Corrective Optics Space Telescope Axial Replacement

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COSTAR on exhibit at the National Air and Space Museum

The Corrective Optics Space Telescope Axial Replacement (COSTAR) is an optical correction instrument designed and built by NASA. It was created to correct the spherical aberration of the Hubble Space Telescope's primary mirror, which incorrectly focused light upon the Faint Object Camera (FOC), Faint Object Spectrograph (FOS), and Goddard High Resolution Spectrograph (GHRS) instruments.[1]

It was flown via shuttle to the telescope in the servicing mission STS-61, on December 2nd, 1993, and successfully installed over a period of eleven days.

Origin[edit]

Once it had been identified in 1990 that the primary mirror in the recently launched Hubble Space Telescope (HST) was defective due to it having been ground to the wrong shape engineers at NASA came under immense pressure to fix the problem. The incorrect shape of the mirror introduced severe spherical aberration, a flaw in which light reflecting off the edge of a mirror focuses on a different point from the light reflecting off its center. The effect of the flaw on scientific observations depended on the particular observation—the core of the aberrated point spread function was sharp enough to permit high-resolution observations of bright objects, and spectroscopy of point sources was affected only through a sensitivity loss. However, the loss of light to the large, out-of-focus halo severely reduced the usefulness of the telescope for faint objects or high-contrast imaging. This meant nearly all the cosmological programs were essentially impossible, since they required observation of exceptionally faint objects. [2]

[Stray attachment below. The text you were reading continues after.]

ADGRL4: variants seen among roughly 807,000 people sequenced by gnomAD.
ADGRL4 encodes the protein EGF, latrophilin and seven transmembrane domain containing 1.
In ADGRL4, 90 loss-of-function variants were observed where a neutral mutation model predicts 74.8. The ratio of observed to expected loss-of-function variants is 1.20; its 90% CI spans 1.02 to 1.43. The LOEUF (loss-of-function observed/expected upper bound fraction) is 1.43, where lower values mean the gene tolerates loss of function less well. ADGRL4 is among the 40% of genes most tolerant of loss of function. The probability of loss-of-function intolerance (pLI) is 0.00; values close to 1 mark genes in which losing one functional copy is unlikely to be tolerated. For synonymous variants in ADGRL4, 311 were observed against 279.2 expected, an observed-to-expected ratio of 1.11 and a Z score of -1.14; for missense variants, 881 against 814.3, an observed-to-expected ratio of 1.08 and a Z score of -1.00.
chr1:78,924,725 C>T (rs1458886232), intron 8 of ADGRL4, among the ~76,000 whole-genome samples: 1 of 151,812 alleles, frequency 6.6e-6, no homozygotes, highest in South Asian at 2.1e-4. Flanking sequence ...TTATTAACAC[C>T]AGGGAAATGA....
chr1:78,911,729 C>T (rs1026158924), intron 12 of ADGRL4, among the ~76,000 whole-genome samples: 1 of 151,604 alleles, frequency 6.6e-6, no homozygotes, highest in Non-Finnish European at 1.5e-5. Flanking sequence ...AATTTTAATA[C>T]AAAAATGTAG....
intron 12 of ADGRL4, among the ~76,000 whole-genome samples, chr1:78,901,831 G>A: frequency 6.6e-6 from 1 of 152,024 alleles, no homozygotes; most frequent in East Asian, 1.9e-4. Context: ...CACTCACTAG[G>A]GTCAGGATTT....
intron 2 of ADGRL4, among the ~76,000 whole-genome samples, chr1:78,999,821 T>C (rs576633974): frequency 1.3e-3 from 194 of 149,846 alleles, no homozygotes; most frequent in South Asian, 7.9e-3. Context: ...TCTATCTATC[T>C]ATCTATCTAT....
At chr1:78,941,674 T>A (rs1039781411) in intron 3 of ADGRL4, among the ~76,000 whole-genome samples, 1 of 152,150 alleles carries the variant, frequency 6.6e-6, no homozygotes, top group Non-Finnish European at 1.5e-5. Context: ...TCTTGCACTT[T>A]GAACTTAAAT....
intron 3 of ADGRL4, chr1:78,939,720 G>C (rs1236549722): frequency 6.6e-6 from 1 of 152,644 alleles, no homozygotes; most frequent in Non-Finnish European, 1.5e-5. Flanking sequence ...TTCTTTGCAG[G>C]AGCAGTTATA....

Development[edit]

When launched, the HST carried five scientific instruments: the Wide Field and Planetary Camera (WFPC), Goddard High Resolution Spectrograph (GHRS), High Speed Photometer (HSP), Faint Object Camera (FOC) and the Faint Object Spectrograph (FOS). Since it was too difficult to bring the HST back to earth for repairs the engineers considered everything from replacing the telescope's secondary mirror by sending a spacewalking astronaut into the telescope's optical tube, to installing a circular shade around the opening of the tube, which would reduce the aperture and improving the focus by blocking out the outer regions of the primary mirror.[3] It was eventually determined that with the HST still in orbit that they could replace the WFPC with the improved Wide Field and Planetary Camera 2 which would incorporate corrective optics. [3] This left solutions still to be found for the remaining instruments. One potential option was to insert corrective optics, lenses or mirrors in the telescope tube between the primary mirror and the secondary reflector. However the tube was too narrow for even the smallest astronaut to slither down it, leading to a search for a means of inserting the required corrective components into the tube. [4]